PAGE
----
Declare Hizbullah prisoners POWs

Israel doesn't have much to lose. Arguably, it has something to gain.

Hizbullah fighters 224.8 (photo credit: AP [file])
Hizbullah fighters 224.8
(photo credit: AP [file])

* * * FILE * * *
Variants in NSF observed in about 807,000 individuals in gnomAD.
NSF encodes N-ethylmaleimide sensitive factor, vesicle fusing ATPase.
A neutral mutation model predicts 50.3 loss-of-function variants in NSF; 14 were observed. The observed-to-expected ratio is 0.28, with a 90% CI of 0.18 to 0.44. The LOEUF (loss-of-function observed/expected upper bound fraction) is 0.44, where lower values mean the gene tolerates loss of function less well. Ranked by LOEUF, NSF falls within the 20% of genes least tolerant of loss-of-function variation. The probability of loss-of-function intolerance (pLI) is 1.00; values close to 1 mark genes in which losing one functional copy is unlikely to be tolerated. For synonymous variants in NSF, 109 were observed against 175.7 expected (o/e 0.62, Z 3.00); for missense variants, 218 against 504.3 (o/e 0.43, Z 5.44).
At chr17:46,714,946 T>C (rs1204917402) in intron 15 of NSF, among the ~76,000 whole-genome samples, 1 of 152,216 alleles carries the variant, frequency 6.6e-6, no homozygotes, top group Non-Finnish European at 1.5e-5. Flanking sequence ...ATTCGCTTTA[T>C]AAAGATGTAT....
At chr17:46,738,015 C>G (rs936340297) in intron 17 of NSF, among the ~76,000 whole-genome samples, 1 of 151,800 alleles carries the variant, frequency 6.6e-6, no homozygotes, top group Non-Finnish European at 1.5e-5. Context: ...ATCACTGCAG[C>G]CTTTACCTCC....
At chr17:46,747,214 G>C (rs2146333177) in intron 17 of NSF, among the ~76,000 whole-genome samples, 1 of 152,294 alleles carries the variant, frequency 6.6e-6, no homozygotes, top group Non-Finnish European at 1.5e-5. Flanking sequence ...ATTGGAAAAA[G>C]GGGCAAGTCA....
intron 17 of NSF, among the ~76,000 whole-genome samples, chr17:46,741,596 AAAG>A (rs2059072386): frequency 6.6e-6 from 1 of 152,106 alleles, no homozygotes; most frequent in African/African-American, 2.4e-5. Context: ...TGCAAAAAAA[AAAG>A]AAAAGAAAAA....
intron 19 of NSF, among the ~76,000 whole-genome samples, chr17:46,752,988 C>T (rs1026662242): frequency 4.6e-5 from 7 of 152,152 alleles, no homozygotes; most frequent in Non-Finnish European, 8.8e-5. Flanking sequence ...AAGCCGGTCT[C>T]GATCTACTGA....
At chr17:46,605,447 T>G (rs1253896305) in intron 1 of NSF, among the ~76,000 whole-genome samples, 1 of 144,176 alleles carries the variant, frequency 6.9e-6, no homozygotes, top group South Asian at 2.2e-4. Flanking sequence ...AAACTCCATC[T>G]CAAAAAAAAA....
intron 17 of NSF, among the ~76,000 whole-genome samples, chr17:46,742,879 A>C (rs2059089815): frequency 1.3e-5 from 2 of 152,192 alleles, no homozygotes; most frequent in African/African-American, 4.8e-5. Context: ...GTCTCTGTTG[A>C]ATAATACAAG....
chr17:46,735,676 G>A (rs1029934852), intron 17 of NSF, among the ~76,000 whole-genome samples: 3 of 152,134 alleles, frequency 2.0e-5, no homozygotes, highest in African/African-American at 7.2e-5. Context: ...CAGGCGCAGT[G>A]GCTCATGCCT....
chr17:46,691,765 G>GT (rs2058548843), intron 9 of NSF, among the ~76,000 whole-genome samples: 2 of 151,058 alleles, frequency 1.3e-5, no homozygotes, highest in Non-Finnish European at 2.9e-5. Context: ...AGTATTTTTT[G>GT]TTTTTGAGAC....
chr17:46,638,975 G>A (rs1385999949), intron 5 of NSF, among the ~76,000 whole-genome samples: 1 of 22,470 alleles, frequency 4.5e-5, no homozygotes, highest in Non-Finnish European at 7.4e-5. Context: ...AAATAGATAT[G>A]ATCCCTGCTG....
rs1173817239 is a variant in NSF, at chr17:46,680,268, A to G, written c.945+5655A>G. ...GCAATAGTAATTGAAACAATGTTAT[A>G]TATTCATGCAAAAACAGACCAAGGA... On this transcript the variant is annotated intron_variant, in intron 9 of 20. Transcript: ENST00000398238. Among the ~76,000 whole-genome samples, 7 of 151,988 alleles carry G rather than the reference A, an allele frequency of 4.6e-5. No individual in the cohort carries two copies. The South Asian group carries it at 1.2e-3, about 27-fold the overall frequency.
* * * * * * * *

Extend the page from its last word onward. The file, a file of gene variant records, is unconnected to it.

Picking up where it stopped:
An unusual trio appeared this week before the Nazareth District Court. Hussein Suleiman, Maher Kurani and Muhammad Srur, three Hizbullah combatants captured by the IDF during the Second Lebanon War, appealed to the judges, requesting that they be recognized as prisoners of war rather than being tried in accordance with Israeli criminal law. Suleiman, 22, is accused of direct involvement in that attack, in which reservists Eldad Regev and Ehud Goldwasser were captured and eight soldiers were killed. The court repeatedly has denied their request. In the latest session, held last Tuesday, Judge Binyamin Arbel justified his decision by stating that Hizbullah was an illegal terrorist organization "serving as the long arm of the Iranian government." Therefore, claimed the judge, criteria set down by the third Geneva Convention regarding the treatment of war captives were not applicable to the Hizbullah men. Even the most magnanimous cannot help but notice the outrageous cynicism in the argument of the three. Seated in Nazareth, a city which their organization bombarded with Katyusha rockets that killed two children, these men still seek the prestige that comes with the title of POW, as well as the privileges denied by Israel's criminal system. The insolence of the prisoners, who, according to an article recently published in Ma'ariv, daily voiced frustration to visiting MK Taleb A-Sana at having their mail delivered late and being isolated in prison, is truly infuriating. However, despite all this, Israel should consider their request for POW status. IN DOING so, Israel doesn't have much to lose. The three Hizbullah prisoners already enjoy most of the benefits granted to POWs. They are not deprived of basic needs such as food or sleep, and they enjoy good health. They are allowed to maintain contact with the outside world through mail and are seen by Israeli and foreign visitors. They even get media coverage that allows them to freely express their views regarding the Winograd Report or the assassination of Hizbullah's Imad Mughniyeh. During their latest appearance in an Israeli courtroom they took advantage of reporters' presence to lash out at PM Ehud Olmert and Defense Minister Ehud Barak, whom they dubbed "blood-shedder" and "terrorist," respectively. If this is the extent of limitation applied to them now, how much worse can it get? Secondly, the argument of Itai Hermelin, attorney of defendant Muhammd Srur, should be taken seriously. In a brief submitted to the court on behalf of his client, Hermelin said: "The portrayal of Hizbullah combatants as criminals rather than fighters also puts to shame the IDF soldiers against whom they fought." There is truth to what he says. If the State of Israel takes seriously its own branding of the round of violence which took place in the summer of 2006 as a full-fledged war, it is ridiculous to consider the IDF soldiers combatants while legally characterizing Hizbullah as merely a gang of criminals. Obviously the enemy captives taken by the IDF during the war were engaged in military combat, not in criminal activity or some other type of hate crime. The IDF soldiers who took part in the battles of Lebanon, not to mention those who gave their lives in them, deserve an official acknowledgement by the state of the trained military forces they were up against. HOWEVER, the most important argument in favor of declaring the trio POWs is directly linked to the fate of our soldiers Regev and Goldwasser. If Israel fails to recognize Hizbullah as a military organization subject to the international conventions that regulate the proper treatment of POWs, how then can it turn to Hizbullah, and to the world, demanding information on its soldiers? Israel is effectively validating Hizbullah's age-old claim that the war between the two sides was disproportionate and unbalanced. The Israeli government is not only allowed, it is obligated to use the Geneva Convention as an international and objective source of legitimacy in its plea to obtain information on the fate of Regev and Goldwasser - and possibly visitation rights. Only by creating symmetry between the legal status of Hizbullah combatants and IDF soldiers can we internationally justify our moral demand to receive this invaluable information. Only thus can we bring a measure of solace to the suffering families waiting at home. The writer is Legacy Heritage Fellow working in the Knesset office of MK Colette Avital.